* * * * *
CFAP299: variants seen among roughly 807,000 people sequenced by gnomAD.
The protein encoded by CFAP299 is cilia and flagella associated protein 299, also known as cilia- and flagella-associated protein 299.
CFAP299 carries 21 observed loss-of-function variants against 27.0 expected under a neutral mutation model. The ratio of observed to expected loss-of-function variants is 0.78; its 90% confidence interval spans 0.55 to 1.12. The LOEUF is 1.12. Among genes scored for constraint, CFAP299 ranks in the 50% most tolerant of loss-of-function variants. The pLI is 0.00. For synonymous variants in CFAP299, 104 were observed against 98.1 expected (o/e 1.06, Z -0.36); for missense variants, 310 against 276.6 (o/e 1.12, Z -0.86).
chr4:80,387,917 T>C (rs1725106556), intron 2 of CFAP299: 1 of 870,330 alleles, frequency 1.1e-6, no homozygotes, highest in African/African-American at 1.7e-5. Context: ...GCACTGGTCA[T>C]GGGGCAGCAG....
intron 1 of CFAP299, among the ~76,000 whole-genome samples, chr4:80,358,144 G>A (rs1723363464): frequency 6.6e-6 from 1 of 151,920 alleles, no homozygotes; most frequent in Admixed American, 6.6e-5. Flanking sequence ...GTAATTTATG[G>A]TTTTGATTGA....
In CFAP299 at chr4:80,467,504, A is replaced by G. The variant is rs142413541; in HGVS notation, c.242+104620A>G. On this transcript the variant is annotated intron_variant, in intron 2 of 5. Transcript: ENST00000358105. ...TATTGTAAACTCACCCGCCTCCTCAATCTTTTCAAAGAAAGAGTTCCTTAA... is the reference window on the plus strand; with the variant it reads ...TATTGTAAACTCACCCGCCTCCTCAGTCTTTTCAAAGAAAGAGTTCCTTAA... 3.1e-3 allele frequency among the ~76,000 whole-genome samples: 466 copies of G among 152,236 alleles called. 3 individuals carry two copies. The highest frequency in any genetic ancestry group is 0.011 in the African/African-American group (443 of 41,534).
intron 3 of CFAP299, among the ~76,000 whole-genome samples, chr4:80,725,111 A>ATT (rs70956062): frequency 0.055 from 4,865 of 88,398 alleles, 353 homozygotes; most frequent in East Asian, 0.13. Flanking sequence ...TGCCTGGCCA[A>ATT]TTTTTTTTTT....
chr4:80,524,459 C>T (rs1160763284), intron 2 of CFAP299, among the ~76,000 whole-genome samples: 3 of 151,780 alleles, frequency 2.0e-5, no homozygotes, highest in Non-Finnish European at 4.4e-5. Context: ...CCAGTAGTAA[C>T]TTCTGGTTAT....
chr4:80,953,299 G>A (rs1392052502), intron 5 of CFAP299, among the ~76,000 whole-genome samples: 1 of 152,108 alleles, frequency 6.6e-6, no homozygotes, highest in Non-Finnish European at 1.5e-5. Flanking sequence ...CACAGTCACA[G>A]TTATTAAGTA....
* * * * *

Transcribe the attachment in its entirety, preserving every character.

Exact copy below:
CFAP299: variants seen among roughly 807,000 people sequenced by gnomAD.
The protein encoded by CFAP299 is cilia and flagella associated protein 299, also known as cilia- and flagella-associated protein 299.
CFAP299 carries 21 observed loss-of-function variants against 27.0 expected under a neutral mutation model. The ratio of observed to expected loss-of-function variants is 0.78; its 90% confidence interval spans 0.55 to 1.12. The LOEUF is 1.12. Among genes scored for constraint, CFAP299 ranks in the 50% most tolerant of loss-of-function variants. The pLI is 0.00. For synonymous variants in CFAP299, 104 were observed against 98.1 expected (o/e 1.06, Z -0.36); for missense variants, 310 against 276.6 (o/e 1.12, Z -0.86).
chr4:80,387,917 T>C (rs1725106556), intron 2 of CFAP299: 1 of 870,330 alleles, frequency 1.1e-6, no homozygotes, highest in African/African-American at 1.7e-5. Context: ...GCACTGGTCA[T>C]GGGGCAGCAG....
intron 1 of CFAP299, among the ~76,000 whole-genome samples, chr4:80,358,144 G>A (rs1723363464): frequency 6.6e-6 from 1 of 151,920 alleles, no homozygotes; most frequent in Admixed American, 6.6e-5. Flanking sequence ...GTAATTTATG[G>A]TTTTGATTGA....
In CFAP299 at chr4:80,467,504, A is replaced by G. The variant is rs142413541; in HGVS notation, c.242+104620A>G. On this transcript the variant is annotated intron_variant, in intron 2 of 5. Transcript: ENST00000358105. ...TATTGTAAACTCACCCGCCTCCTCAATCTTTTCAAAGAAAGAGTTCCTTAA... is the reference window on the plus strand; with the variant it reads ...TATTGTAAACTCACCCGCCTCCTCAGTCTTTTCAAAGAAAGAGTTCCTTAA... 3.1e-3 allele frequency among the ~76,000 whole-genome samples: 466 copies of G among 152,236 alleles called. 3 individuals carry two copies. The highest frequency in any genetic ancestry group is 0.011 in the African/African-American group (443 of 41,534).
intron 3 of CFAP299, among the ~76,000 whole-genome samples, chr4:80,725,111 A>ATT (rs70956062): frequency 0.055 from 4,865 of 88,398 alleles, 353 homozygotes; most frequent in East Asian, 0.13. Flanking sequence ...TGCCTGGCCA[A>ATT]TTTTTTTTTT....
chr4:80,524,459 C>T (rs1160763284), intron 2 of CFAP299, among the ~76,000 whole-genome samples: 3 of 151,780 alleles, frequency 2.0e-5, no homozygotes, highest in Non-Finnish European at 4.4e-5. Context: ...CCAGTAGTAA[C>T]TTCTGGTTAT....
chr4:80,953,299 G>A (rs1392052502), intron 5 of CFAP299, among the ~76,000 whole-genome samples: 1 of 152,108 alleles, frequency 6.6e-6, no homozygotes, highest in Non-Finnish European at 1.5e-5. Flanking sequence ...CACAGTCACA[G>A]TTATTAAGTA....